This afternoon, I tied my apron on to try out a new dip with hopes that it'd wow the husband and be good enough to take to our neighbor's Super Bowl party. We love spinach and artichoke dip (not as much as I love cowboys, but it's still good), so when I saw Ellie Krieger's recipe for a lightened up version, I had to try it.
I bought all of the necessary ingredients - from the frozen artichokes to the Neufchatel - this morning and was really looking forward to following the recipe from start to finish. (I have a tendency to stray from recipes, but knowing that I wanted a good dish to pass, I thought I should stick to the original.) So with the husband and the dog man in the garage doing whatever it is boys do in garages, Miss Stella and I set out to make Ellie's Warm Spinach and Artichoke Dip.
I preheated the oven and cooked the onions and garlic over medium heat until they were so fragrant my mouth watered.
Then it was time to whip out the food processor. (Is using the food processor ever going to get old? Really?) Basically, all of the ingredients get thrown in the processor and mixed until smooth. This step probably took a whole 20 seconds. And the dip was beginning to look so good.
I sprayed my dish and used a spatula to spread the dip around. (And actually, there was so much dip - my cookbook said the recipe made 12 servings - that I thought I'd scoop some out and freeze it. The husband says I'm obsessed with freezing things and that our little freezer is too full to feed my addiction, but I did it anyway. I guess I'll let you know in a couple of weeks how it thawed.)
|Before the oven|
About 15 minutes after I'd started, my dip was ready to go in the oven. I was feeling quite good about myself: I had easily thrown together a quick dip filled with healthy ingredients, and I was 25 minutes away from serving the husband a fun treat, perfect for our afternoon of football watching.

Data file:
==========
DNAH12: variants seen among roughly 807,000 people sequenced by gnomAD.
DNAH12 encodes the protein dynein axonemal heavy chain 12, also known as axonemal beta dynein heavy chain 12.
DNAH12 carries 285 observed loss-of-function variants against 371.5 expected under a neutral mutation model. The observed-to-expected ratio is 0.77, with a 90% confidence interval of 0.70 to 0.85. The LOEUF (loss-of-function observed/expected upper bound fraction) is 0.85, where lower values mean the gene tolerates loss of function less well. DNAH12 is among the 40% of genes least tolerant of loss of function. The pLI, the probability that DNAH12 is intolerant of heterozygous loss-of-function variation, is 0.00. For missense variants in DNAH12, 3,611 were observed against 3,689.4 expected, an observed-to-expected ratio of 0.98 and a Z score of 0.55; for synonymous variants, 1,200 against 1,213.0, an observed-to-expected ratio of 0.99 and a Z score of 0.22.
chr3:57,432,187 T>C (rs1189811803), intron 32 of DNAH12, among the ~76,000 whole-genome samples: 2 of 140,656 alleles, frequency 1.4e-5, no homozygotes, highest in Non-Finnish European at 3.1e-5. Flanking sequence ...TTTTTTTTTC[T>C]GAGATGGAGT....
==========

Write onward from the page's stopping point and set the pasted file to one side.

|After the oven|
As you can see, it didn't look much different when it came out of the oven than it did when it went in. But it was ooey and gooey and warm. The cheese, even though there was only about 1/2 cup of part-skim mozzarella in it, was visible and stringy when I spooned the dip out of the casserole dish. I was pretty happy with the dish so far and called the husband in from the garage.
Sure, it looked great and was easy to put together, but the husband's opinion was what mattered most. He knows I've been searching for a football-party-appropriate dish to serve to the neighbors that'll help them like me.
"Well, it's nothing to write home about," he told me with a straight face. "I don't mean to be mean, but it's not that great. You used healthy stuff, didn't you?" I was caught. I wasn't trying to pull a fast one on him, but I was really hoping I could make a good dip without all the fat.
We ate our fair share of the dip and cursed the TV as we watched the Bears lose (I knew I should have worn my team jacket from elementary school for good luck). But the dish wasn't that great. If sitting on the couch in my cowboy apron couldn't make me love that dip, I don't think anything can.